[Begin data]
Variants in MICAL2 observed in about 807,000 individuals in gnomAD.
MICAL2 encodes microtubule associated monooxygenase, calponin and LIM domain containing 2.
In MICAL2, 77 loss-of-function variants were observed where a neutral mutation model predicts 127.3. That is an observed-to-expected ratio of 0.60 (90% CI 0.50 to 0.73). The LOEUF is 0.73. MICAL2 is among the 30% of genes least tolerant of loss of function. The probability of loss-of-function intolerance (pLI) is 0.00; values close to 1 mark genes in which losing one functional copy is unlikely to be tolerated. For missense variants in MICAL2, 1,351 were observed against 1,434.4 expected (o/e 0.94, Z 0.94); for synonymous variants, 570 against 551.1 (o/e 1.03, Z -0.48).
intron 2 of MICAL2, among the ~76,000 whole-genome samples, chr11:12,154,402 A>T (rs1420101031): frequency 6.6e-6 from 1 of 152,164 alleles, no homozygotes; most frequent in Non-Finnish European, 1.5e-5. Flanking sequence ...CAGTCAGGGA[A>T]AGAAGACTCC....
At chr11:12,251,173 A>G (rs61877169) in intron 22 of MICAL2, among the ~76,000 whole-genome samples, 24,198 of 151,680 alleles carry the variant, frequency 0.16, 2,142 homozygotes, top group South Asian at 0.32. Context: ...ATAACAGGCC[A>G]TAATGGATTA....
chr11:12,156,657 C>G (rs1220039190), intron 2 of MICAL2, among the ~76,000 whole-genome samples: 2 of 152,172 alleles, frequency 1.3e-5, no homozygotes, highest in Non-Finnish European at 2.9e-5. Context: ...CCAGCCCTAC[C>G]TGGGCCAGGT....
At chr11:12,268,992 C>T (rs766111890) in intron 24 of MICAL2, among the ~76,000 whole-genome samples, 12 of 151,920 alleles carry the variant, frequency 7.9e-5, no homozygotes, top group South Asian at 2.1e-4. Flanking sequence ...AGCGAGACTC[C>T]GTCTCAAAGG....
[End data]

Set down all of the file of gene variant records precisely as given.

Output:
Variants in MICAL2 observed in about 807,000 individuals in gnomAD.
MICAL2 encodes microtubule associated monooxygenase, calponin and LIM domain containing 2.
In MICAL2, 77 loss-of-function variants were observed where a neutral mutation model predicts 127.3. That is an observed-to-expected ratio of 0.60 (90% CI 0.50 to 0.73). The LOEUF is 0.73. MICAL2 is among the 30% of genes least tolerant of loss of function. The probability of loss-of-function intolerance (pLI) is 0.00; values close to 1 mark genes in which losing one functional copy is unlikely to be tolerated. For missense variants in MICAL2, 1,351 were observed against 1,434.4 expected (o/e 0.94, Z 0.94); for synonymous variants, 570 against 551.1 (o/e 1.03, Z -0.48).
intron 2 of MICAL2, among the ~76,000 whole-genome samples, chr11:12,154,402 A>T (rs1420101031): frequency 6.6e-6 from 1 of 152,164 alleles, no homozygotes; most frequent in Non-Finnish European, 1.5e-5. Flanking sequence ...CAGTCAGGGA[A>T]AGAAGACTCC....
At chr11:12,251,173 A>G (rs61877169) in intron 22 of MICAL2, among the ~76,000 whole-genome samples, 24,198 of 151,680 alleles carry the variant, frequency 0.16, 2,142 homozygotes, top group South Asian at 0.32. Context: ...ATAACAGGCC[A>G]TAATGGATTA....
chr11:12,156,657 C>G (rs1220039190), intron 2 of MICAL2, among the ~76,000 whole-genome samples: 2 of 152,172 alleles, frequency 1.3e-5, no homozygotes, highest in Non-Finnish European at 2.9e-5. Context: ...CCAGCCCTAC[C>G]TGGGCCAGGT....
At chr11:12,268,992 C>T (rs766111890) in intron 24 of MICAL2, among the ~76,000 whole-genome samples, 12 of 151,920 alleles carry the variant, frequency 7.9e-5, no homozygotes, top group South Asian at 2.1e-4. Flanking sequence ...AGCGAGACTC[C>T]GTCTCAAAGG....